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Learn how we serve the public as the most reliable source of data about the nation's people and economy.
Information about the U.S. Census Bureau.
Information about what we do at the U.S. Census Bureau.
Our researchers explore innovative ways to conduct surveys, increase respondent participation, reduce costs, and improve accuracy.
Our surveys provide periodic and comprehensive statistics about the nation, critical for government programs, policies, and decisionmaking.
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Explore the rich historical background of an organization with roots almost as old as the nation.
Explore prospective positions available at the U.S. Census Bureau.
Information about the current field vacancies available at the U.S. Census Bureau Regional Offices.
Discover the latest in Census Bureau data releases, reports, and events.
The Census Bureau's Director writes on how we measure America's people, places and economy.
Find interesting and quirky statistics regarding national celebrations and major events.
Profile America is a daily, 60-second feature that uses interesting vignettes for that day to highlight information collected by the Census Bureau.
Find media toolkits, advisories, and all the latest Census news.
See what's coming up in releases and reports.
State legislative districts are the areas from which members are elected to state or equivalent entity legislatures. State legislative districts embody the upper (senate—SLDU) and lower (house—SLDL) chambers of the state legislatures. Nebraska has a unicameral legislature and the District of Columbia has a single council, both of which the Census Bureau treats as upper-chamber legislative areas for the purpose of data presentation. Therefore, there are no data by the lower house of the state legislative districts for either Nebraska or the District of Columbia.
The Census Bureau sent a letter to each 2010 Redistricting Data Program state liaison requesting a copy of the state laws and/or applicable court order(s) for each state. Additionally, the states were asked to furnish their newly established legislative district boundaries and numbers by means of geographic equivalency files. Delaware, the District of Columbia, and Ohio (during the 2012 election cycle), and Kentucky, Minnesota, Pennsylvania, and Utah (during the 2014 election cycle) were the only states or state equivalent where state legislative district-upper house boundaries split some 2010 Census tabulation blocks. Connecticut, Ohio, and Vermont (during 2012 election cycle), and Kentucky, Minnesota, Pennsylvania, and Utah (during 2014 election cycle) were the only states where state legislative district-lower house boundaries split some 2010 Census tabulation blocks. For further information on these blocks, please see the user-notes at the bottom of the tables for these states.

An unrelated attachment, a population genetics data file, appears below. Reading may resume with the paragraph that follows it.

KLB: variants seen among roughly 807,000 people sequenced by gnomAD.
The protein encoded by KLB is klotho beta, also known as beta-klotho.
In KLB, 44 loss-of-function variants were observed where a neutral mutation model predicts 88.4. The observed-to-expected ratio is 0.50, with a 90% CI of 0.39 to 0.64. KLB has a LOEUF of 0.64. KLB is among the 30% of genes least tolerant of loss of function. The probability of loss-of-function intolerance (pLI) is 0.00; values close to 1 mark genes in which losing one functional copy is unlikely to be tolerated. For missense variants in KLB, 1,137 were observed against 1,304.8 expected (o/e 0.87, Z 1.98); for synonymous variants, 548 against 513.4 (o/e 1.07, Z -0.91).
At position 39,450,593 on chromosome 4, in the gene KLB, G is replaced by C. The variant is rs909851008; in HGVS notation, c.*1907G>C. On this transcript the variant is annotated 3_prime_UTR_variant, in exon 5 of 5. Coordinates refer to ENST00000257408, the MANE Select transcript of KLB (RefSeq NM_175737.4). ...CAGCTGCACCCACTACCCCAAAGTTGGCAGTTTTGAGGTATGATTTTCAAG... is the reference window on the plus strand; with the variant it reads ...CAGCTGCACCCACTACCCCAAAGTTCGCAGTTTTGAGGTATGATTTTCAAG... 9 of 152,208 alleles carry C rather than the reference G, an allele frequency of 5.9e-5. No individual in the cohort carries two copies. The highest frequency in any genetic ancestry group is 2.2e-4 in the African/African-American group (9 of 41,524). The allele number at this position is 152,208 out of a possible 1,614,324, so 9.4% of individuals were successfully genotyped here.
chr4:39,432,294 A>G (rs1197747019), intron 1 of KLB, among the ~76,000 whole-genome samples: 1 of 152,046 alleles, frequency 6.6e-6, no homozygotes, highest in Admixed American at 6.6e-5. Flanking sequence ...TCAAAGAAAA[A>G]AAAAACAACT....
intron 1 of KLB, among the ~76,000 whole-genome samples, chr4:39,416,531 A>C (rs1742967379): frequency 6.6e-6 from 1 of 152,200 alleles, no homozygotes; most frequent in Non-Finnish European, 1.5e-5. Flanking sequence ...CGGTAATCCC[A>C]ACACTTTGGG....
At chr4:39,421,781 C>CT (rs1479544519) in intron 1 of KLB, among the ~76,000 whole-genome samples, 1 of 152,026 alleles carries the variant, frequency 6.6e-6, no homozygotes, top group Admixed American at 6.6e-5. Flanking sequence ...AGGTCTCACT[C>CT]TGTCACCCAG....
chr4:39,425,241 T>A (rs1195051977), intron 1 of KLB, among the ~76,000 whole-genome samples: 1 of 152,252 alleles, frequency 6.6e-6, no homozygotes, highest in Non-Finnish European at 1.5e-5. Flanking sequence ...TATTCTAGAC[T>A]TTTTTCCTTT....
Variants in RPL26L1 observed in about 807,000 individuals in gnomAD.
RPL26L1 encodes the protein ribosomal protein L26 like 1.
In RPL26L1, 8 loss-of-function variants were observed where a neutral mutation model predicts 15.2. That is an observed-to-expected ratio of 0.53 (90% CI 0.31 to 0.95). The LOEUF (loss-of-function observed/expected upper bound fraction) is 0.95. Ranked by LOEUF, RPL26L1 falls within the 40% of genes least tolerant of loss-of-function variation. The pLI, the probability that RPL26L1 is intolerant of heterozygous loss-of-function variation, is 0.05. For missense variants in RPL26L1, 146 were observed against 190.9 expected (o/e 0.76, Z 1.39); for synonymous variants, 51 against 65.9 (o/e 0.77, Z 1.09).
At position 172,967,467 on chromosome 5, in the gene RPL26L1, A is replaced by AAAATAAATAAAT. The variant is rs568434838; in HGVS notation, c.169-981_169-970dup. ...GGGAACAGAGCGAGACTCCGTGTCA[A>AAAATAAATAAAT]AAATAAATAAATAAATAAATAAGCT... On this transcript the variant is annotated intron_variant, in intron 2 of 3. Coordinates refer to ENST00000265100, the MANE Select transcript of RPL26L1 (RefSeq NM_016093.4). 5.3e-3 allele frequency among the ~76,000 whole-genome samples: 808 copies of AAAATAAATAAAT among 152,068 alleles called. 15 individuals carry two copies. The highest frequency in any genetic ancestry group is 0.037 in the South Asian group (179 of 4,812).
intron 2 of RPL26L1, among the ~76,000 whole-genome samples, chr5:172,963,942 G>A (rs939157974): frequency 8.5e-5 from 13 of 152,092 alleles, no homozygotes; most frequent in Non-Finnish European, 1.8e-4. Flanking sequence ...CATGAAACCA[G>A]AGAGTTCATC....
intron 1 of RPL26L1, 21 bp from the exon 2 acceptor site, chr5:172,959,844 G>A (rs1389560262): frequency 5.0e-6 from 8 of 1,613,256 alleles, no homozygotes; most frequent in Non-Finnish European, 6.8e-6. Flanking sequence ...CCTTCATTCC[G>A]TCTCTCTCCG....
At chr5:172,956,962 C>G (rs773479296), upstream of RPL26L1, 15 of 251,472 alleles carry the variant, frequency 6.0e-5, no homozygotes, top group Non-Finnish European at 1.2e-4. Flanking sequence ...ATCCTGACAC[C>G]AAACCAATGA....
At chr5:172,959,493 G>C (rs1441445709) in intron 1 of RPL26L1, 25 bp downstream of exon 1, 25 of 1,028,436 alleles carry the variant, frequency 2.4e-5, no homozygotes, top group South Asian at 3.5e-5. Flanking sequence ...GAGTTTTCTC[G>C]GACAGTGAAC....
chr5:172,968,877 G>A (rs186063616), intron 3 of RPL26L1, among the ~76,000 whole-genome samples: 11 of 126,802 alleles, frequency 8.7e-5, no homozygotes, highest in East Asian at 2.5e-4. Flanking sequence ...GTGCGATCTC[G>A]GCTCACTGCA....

The Census Bureau entered this information into its geographic database and produced 2010 Census tabulation block equivalency files that depicted the newly defined legislative district boundaries. Each state liaison was furnished with their file and requested to review, submit corrections and certify the accuracy of the boundaries.